Eat, Drink and Smoke, Cuban Style

The most popular dish in Cuba is rice, beans and pork and is absolutely delicious – and even better with a freshly made mojito on the side. Food is extremely cheap in Trinidad so expect to only have to pay roughly €5 for a main dish in an authentic restaurant and €2 for a mojito.

Head to a tobacconist and pick up a few Cuban cigars (never buy them off the street), the shop owner will be more than happy to advise on flavours and strengths. At night, go to Rincón de la Salsa for live music, the best cocktails in the town and get ready for it to turn into a vibrant salsa nightclub!

A traditional Cuban breakfast

A traditional Cuban breakfast

 

Most casa hosts will offer their guests breakfast and I’d recommend taking up the offer. A typical Cuban breakfast consists of tropical fruits such as papaya, banana and pineapple, warm bread rolls, biscuits and a cup of Cuban coffee or tea, yum!

Become a Salsa Pro

There is salsa absolutely everywhere in Trinidad and it’s very easy to find classes that suit your needs and budget. Head to Casa la Musique and enquire about doing lessons either in a group or privately. They last for about an hour and cost 8 CUC per person, which isn’t too bad considering you’ll be a pro salsa dancer by the end of it.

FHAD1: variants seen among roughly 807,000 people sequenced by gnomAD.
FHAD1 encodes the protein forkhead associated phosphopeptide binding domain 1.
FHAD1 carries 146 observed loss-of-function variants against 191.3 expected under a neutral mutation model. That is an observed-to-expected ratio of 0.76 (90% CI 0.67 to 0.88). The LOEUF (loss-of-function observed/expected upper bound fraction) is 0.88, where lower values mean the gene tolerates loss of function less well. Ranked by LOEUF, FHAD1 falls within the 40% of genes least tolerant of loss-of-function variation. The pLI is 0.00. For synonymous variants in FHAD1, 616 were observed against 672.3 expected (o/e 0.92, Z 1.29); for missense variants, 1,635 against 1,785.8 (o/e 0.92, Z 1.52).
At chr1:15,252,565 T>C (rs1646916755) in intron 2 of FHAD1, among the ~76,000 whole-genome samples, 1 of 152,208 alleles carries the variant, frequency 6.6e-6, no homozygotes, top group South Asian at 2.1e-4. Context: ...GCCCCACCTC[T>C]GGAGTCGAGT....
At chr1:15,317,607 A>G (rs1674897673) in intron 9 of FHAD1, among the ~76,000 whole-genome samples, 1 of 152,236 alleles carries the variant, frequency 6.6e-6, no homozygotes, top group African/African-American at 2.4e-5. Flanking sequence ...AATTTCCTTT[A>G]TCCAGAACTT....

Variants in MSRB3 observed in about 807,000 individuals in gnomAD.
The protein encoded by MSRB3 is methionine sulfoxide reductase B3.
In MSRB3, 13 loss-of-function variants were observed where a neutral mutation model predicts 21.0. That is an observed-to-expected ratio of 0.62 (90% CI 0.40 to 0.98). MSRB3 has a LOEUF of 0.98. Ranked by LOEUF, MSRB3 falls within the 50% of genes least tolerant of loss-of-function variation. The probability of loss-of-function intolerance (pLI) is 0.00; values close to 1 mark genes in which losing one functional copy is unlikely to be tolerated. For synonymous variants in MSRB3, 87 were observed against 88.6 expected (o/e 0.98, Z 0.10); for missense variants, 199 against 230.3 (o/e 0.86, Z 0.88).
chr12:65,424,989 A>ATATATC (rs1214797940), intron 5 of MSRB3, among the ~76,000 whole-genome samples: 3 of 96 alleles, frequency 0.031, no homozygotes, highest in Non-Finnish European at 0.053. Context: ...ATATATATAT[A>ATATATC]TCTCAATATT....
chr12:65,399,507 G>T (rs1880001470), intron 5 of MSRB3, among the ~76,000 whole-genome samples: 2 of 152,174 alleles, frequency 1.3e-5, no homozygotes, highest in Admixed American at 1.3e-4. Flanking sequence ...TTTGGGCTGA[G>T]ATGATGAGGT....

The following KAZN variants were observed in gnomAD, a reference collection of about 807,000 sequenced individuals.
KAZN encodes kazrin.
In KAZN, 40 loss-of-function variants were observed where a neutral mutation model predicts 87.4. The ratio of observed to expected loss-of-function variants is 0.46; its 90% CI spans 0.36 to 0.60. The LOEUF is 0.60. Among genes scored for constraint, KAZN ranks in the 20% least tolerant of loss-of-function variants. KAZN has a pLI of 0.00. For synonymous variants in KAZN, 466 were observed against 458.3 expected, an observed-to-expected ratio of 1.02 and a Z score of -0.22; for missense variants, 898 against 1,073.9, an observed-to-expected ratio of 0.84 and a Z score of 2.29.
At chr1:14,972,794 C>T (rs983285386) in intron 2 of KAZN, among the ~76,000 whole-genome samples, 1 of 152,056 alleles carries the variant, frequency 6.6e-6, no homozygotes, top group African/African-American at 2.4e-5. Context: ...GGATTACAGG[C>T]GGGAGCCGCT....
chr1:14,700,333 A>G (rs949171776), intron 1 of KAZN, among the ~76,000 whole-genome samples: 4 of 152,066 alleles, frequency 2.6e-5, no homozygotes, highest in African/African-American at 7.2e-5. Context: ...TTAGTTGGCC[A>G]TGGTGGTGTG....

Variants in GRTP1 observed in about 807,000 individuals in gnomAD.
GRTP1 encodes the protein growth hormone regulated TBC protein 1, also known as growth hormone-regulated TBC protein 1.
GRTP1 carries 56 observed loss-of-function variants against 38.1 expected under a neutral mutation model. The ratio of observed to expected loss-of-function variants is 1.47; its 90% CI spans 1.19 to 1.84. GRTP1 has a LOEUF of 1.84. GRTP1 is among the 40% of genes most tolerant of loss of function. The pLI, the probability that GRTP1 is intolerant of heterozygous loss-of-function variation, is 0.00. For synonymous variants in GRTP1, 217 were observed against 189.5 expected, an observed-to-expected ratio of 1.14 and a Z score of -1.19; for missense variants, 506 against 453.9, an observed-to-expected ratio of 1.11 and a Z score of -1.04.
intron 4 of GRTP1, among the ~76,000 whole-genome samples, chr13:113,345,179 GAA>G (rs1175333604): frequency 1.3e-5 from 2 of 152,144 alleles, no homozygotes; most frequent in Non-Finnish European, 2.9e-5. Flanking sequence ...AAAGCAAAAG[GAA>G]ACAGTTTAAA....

Dance your salsa socks off at Rincón de la Salsa

Dance your salsa socks off at Rincón de la Salsa

After your lesson go to Rincón de la Salsa and put those new moves you learnt into action. If you fancy continuing your salsa skills in Ireland, there are plenty of bars and clubs that offer lessons for beginners and advanced dancers. The River Bar in Dublin has cheap salsa and bachata classes on nearly evening of the week and it’s in a fun, group setting.

Here’s a quick video of our Trinidad instructors showing us how it’s done: www.youtube.com/watch?v=mo7Uait-3CI

 

Lainey’s Top Ten Facts You Didn’t Know About Cuba

  1. Cuba has a 99% literacy rate, which is one of the highest in the world. In 1961, Fidel Castro closed down Cuban schools for a year so that the students from the sixth grade and up could teach illiterate Cubans how to read and it was very successful.